Skip to main content

Supreme Court hears arguments on life sentencing for teens



< < < < VIDEO > > > >
Between 10 a.m. and noon today the U.S. Supreme Court will hear arguments about whether it is constitutional to sentence someone to life in prison without the possibility of parole for a crime they committed as a juvenile – even homicide.
14, Evan Miller
Experts say that the court’s reasoning in Miller v. Alabama and Jackson v. Hobbs, which are being argued back-to-back by the same attorney, is likely to turn on new understandings about brain development, which indicate that children under 18 have a diminished capacity for understanding the consequences of their actions.
14, Kun­trell Jackson
In 2005, in a case called Roper v. Simmons, the court struck down capital punishment for juveniles who committed crimes before they turned 18. And in 2010, in Graham v. Florida, the high court banned life without parole for young people whose crimes did not include homicide.
Writing for the majority in the Graham case, Justice Anthony Kennedy wrote that “because juveniles have lessened culpability they are less deserving of the most severe punishments.” His reasoning stemmed from “developments in psychology and brain science [that] continue to show fundamental differences between juvenile and adult minds. For example, parts of the brain involved in behavior control continue to mature through late adolescence.”
According to experts who spoke with Crimesider, Bryan Stevenson, the executive director of the Equal Justice Initiative, who is arguing the two cases before the court, will likely ask the justices to extend the “kids are different” reasoning to juveniles convicted of homicide.
“The court has already embraced the research [about brain development],” says Marsha Levick, the deputy director of the Juvenile Law Center who wrote amicus briefs for both the Graham and Roper cases. “Kids aren’t any different just because they’re charged with murder.”

Comments

Popular posts from this blog

1914 Germany Afrikaner farmer Agreement

thank you Etienne 
translated from Afrikaner to EnglishTo all the people of the white race all over the world, most of all to the German nation: This is an important agreement Concerning the South African Boer people and the German nation. It has to do with an agreement between the Boer rebellion and the German troops in Southwest Africa. The Boer rebellion were lead by leaders of the Afrikaaner nation (General Manie Maritz, General SG Maritz, General Koss Delarey) and who’ll be fought against the English in the Second Anglo-Boer war from 1899 to 1902, where the Afrikaaner nation under hun president In Paul Kruger ulcers completely humiliated by the English when ze ulcers forced to sign the Treaty of Vereeniging in 1902. The atrocities committed against the Boers in the Concentration camps ulcers horriffic to say the least, and at least 30 000 Boer women and Children Were driven from hun farms Which Were torched under Lord Kitchener’s Scorched Earth policies. The attached files are an ima…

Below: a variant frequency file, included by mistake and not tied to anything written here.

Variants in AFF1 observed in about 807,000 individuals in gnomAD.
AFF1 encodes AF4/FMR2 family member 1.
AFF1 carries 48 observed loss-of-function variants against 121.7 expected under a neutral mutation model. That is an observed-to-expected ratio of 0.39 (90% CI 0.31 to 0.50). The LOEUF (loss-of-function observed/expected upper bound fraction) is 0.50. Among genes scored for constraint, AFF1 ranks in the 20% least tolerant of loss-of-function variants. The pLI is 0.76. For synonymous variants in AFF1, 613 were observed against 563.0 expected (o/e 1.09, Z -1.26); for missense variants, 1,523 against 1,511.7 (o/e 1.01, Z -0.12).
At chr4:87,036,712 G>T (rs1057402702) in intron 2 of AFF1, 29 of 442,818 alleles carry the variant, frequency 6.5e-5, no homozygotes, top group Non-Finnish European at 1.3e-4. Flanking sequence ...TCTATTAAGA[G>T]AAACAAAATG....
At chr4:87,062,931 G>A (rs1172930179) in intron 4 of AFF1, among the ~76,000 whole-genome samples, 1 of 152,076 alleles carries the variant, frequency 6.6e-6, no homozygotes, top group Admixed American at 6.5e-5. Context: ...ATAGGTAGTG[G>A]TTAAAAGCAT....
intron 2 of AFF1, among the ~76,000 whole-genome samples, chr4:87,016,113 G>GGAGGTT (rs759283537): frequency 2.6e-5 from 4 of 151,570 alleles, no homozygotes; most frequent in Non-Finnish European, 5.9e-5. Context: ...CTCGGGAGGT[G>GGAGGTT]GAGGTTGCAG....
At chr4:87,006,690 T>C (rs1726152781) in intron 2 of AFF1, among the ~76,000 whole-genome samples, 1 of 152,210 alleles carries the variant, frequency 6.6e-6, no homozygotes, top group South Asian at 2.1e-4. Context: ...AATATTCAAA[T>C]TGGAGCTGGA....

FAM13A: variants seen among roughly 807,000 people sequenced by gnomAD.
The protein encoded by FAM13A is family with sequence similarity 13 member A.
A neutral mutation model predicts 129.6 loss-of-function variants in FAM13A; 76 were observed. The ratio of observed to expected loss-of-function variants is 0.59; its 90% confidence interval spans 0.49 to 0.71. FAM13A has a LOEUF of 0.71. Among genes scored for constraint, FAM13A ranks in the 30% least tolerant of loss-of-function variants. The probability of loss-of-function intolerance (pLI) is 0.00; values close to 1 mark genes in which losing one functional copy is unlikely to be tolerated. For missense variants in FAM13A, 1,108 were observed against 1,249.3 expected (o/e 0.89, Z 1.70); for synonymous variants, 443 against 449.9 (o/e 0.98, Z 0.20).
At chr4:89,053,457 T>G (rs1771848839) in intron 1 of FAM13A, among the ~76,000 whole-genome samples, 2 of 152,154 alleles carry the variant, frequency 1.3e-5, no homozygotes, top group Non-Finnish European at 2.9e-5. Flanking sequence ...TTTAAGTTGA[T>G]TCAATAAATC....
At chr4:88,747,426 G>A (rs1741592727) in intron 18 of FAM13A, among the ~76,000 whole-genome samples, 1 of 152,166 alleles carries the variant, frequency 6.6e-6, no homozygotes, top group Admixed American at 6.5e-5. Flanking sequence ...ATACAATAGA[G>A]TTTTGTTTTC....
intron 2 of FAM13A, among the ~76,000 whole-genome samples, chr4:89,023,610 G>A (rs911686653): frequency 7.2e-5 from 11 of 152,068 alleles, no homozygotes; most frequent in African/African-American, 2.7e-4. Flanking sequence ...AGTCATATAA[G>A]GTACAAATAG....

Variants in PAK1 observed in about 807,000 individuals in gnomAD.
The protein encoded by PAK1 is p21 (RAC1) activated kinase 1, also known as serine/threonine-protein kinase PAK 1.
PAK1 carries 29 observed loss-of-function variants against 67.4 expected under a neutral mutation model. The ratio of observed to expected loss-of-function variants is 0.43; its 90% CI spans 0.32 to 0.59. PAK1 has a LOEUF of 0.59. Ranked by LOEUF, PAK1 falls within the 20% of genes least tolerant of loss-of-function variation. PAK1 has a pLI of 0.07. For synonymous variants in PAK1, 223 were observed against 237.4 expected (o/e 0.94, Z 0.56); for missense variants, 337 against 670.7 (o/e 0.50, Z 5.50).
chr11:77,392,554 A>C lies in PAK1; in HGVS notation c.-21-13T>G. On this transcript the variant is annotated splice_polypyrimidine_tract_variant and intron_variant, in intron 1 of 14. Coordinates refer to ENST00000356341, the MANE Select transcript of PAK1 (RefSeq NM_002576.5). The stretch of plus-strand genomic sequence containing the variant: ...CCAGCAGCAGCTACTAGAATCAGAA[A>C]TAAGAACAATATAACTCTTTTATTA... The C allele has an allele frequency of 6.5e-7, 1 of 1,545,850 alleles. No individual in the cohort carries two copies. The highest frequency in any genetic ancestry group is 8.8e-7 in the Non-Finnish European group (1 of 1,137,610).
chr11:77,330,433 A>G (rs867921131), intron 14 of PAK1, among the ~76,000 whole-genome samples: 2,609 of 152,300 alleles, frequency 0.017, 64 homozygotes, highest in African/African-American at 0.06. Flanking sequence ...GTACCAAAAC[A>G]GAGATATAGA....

Gangs are everywhere, including the burbs, not to worry though 'We Have A Program For That"

TUESDAY, OCTOBER 31, 2006
Hardcore Gangs Hit Ohio Suburbs GANGS IN THE ’BURBS
Subversive element creeping beyond Columbus’ borders
Last year, Westerville North High School suspended two students who flashed MS-13 hand signs and drew gang insignia during an English-asa-second-language class. MS-13, or Mara Salvatrucha, is a notoriously violent street gang with roots in Los Angeles. It was formed by immigrants from El Salvador.

Gang crime isn’t nearly as serious or common in the suburbs as in some Columbus neighborhoods, but suburban schools and police departments are increasingly on watch.
"It’s not so centralized in the inner city as it used to be," said Pat Brooks, a veteran Columbus police gang unit officer.

Suburban police call Brooks and his colleagues when they suspect gang activity in their jurisdictions.

Most of the crack dealers in Reynoldsburg are gang members who live in Columbus, said Tye Downard, a Reynoldsburg police narcotics detective.

They go there to make mor…